Woodside Energy has started giving its staff access to a prototype of its artificial intelligence avatar, Willow.
The tool is a centralised chat interface that allows staff to easily interrogate Woodside's sprawling analytics databases.
Willow has been in development for more than a year and has quickly become popular since its recent limited release, Woodside chief digital officer Tom Ridsdill-Smith told the Gartner Symposium.
"It had about 200 users when it was launched a few weeks ago. When I left the office to come out here it was up around 500 users," he said.
"We didn't release it to more than 200 users so it seems to have escaped captivity and got out into the wild, which is a good thing."
Woodside's machine learning strategy, which helped it win the top category at last year's iTnews Benchmark Awards, has to date leant heavily on IBM Watson.
However, Willow was built on open source technology, Ridsdill-Smith said.
"Our perception is IBM got a really good jump start. They were the only company when we started our data science group that was seriously addressing AI for enterprise. There was a lot of AI expertise out there but it was very consumer application focused."
Woodside's future AI development could span a broader product set.
"We are vendor agnostic. We are not bound to any one company or technology," Ridsdill-Smith said.
"Willow, for an example, is a tool we built ourselves using various open source components. It is not an IBM tool."
Willow solves a dilemma for analytics technology: more targeted applications are more successful, but their relevance is also limited.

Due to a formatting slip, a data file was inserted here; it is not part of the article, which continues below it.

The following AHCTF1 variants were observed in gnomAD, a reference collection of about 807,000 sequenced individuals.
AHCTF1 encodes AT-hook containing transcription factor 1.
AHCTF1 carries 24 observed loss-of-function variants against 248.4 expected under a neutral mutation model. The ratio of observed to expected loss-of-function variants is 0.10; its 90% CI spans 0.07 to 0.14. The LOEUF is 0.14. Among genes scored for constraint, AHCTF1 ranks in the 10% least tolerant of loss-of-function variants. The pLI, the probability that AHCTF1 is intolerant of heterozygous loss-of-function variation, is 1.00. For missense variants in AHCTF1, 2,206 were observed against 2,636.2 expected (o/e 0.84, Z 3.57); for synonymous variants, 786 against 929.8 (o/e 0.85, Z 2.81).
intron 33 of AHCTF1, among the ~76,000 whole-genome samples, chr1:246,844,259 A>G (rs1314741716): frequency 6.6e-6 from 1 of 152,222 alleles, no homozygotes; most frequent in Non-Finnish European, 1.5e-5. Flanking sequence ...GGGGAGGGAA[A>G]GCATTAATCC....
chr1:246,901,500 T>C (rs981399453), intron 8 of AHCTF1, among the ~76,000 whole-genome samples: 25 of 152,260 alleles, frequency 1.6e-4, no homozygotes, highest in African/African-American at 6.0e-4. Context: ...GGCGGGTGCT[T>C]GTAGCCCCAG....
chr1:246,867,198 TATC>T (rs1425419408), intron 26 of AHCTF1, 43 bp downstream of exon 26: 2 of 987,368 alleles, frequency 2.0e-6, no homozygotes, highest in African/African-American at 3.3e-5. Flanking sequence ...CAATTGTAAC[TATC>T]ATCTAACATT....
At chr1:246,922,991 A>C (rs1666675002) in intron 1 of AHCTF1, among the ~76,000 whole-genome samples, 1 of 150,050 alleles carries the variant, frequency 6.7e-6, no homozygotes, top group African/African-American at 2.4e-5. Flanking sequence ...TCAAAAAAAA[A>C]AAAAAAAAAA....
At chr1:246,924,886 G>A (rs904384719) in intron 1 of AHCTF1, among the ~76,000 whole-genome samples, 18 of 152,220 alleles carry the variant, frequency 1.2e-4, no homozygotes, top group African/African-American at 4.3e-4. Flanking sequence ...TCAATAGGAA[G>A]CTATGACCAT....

"The quickest and most effective way we have found to build data science tools is to take a very narrow domain, a very well defined business problem, and build a tool around that," Ridsdill-Smith said.
"This does create some problems quickly. We have built dozens and dozens of these systems and the problem we ran into pretty early on is that we have now proliferated our information sources.
"So problem we were trying to get away from, of needing to look into 20 different places to find something, has become worse."
Ridsdill-Smith said there was also a benefit in being able to look outside an area of narrow focus to "see how information, ideas and insights filter across" different disciplines.
"If we stick [only] with those narrow tools, we have lost that opportunity," he said.
"The idea of Willow was to create a single interface that could work across all the systems of insight in our company."
Willow uses a simple chat interface that allows users to easily surface information from the company's myriad systems.
If a user asks how to connect to the wi-fi, Willow taps into Woodside's "IT how to" systems for the answer; a question like "Who is Cameron" will connect to the HR systems.
The application can also respond to more technical questions based on both historical data and current information.
If a user asks about the water depth at an offshore oil facility, Willow dives into Watson for Everything, which is Woodside's internal "search engine that looks into every document store and website across the company", Ridsdill-Smith said.
When asked a question about current operations, such as "How is our Pluto LNG plant working?", Willow can look for the answer in an analytics application to bring up the most recent summary of information.
Willow was built in a modular fashion, and there are plans to build "a couple dozen more services" in future, Ridsdill-Smith revealed.
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Steven Kiernan attended Gartner Symposium / ITxpo as a guest of Gartner